Everyone experiences illness from time to time. We have identified some of the main health issues for international students and some great advice so you can take care of yourself and stay healthy.
Sexual Health – Contraception, STIs and unplanned pregnancies
Sexual health is one topic that you should make sure that you are an expert. Read all about it at healthdirect, talk to your GP or visit your local sexual health clinic in your city.
- New South Wales
- Northern Territory
- Western Australia
- South Australia
- Australian Capital Territory
You can get contraceptive medications and devices very easily and cheaply in Australia. Condoms are available from supermarkets and pharmacies.
Emergency contraceptives are available from pharmacies without a prescription and need to be taken within 72 hours for the most effective result.
Anxiety & Stress
Everyone is subject to stressors but ‘stress’ itself is not a medical condition. To reduce and cope with stress, keep the following tips in mind:
- Identify the Source – Identify regular stressors in your life and how you’ve dealt with them in the past. Are you able to make changes in your life to avoid these situations?
- Sleep well – Many university students are sleep deprived because they go to sleep late. Sleep deprivation is proven to weaken the immune system making you more susceptible to a range of health issues. Set a time for going to bed and for waking up to ensure you receive enough sleep.
- Exercise & Healthy Eating – Exercise and healthy eating are proven to lower stress levels. Allocate regular times to exercise in your schedule and adopt healthy eating habits.
- Planning – Upcoming exams are often a source of stress in students. Incorporate a study planning technique to ensure you are adequately prepared for upcoming exams.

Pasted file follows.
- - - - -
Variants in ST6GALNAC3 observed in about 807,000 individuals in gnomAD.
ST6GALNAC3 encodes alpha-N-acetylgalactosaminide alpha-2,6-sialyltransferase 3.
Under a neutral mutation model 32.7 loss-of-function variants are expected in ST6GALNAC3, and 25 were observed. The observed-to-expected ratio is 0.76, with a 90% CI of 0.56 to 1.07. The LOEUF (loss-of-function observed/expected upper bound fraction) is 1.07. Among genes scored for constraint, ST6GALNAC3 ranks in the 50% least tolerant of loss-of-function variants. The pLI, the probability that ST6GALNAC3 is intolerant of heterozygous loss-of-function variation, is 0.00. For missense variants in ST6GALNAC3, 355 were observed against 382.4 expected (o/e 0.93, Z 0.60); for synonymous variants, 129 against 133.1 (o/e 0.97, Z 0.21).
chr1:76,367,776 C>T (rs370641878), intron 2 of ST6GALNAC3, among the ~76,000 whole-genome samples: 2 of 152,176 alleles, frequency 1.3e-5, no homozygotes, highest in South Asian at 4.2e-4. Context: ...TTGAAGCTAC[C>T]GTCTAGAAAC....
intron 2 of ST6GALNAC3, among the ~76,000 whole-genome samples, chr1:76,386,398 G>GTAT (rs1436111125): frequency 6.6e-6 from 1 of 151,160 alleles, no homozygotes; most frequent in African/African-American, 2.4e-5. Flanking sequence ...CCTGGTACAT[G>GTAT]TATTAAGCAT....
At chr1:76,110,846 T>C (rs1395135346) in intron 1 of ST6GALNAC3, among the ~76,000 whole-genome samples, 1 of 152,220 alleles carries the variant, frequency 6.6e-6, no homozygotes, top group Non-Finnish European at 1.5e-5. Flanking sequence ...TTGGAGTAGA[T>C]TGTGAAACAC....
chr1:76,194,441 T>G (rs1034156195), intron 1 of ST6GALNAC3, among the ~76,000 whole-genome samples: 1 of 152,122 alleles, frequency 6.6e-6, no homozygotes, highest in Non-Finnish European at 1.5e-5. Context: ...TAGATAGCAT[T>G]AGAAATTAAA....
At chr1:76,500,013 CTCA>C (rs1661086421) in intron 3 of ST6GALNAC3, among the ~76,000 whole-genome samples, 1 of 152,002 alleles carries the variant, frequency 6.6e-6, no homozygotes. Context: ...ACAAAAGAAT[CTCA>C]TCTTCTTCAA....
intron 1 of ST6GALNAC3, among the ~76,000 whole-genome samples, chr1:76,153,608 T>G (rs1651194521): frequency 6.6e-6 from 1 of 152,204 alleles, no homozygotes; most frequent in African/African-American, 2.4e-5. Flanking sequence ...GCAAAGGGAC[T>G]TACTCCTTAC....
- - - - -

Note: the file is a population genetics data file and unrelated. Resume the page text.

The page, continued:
- Continuing anxiety and stress can worsen or lead to many medical conditions including diabetes, obesity, asthma and mental health issues.
Skin conditions are a common issue amongst newly arrived international students. Asian students, in particular, are coming from humid climates to less humid cities in Australia, such as Perth, Adelaide, Hobart and Melbourne.
Reduced humidity and colder temperatures can cause dry and itchy skin even and worsen pre-existing skin conditions such as eczema.
Upper Respiratory Tract Infections
Upper respiratory infections like the common cold and flu are extremely common amongst all students.
The best advice is to rest and fight the symptoms by drinking lots of fluid, eating good food, stocking up on cold and flu medicines, cough syrups, aspirin for fevers etc. If symptoms become worse go see your doctor.
Infections are caused by bacteria and viruses and can be easily spread so avoid getting others sick, students should stay home when they feeling unwell and avoid people who are showing symptoms.
Chronic Health Conditions
Existing health issues such as diabetes and asthma require ongoing management. Managing your condition overseas can be difficult outside of your normal environment and routine. Always seek advice and work with your local GP, who will help you manage your health condition.
This article has been supplied by Globe Medical.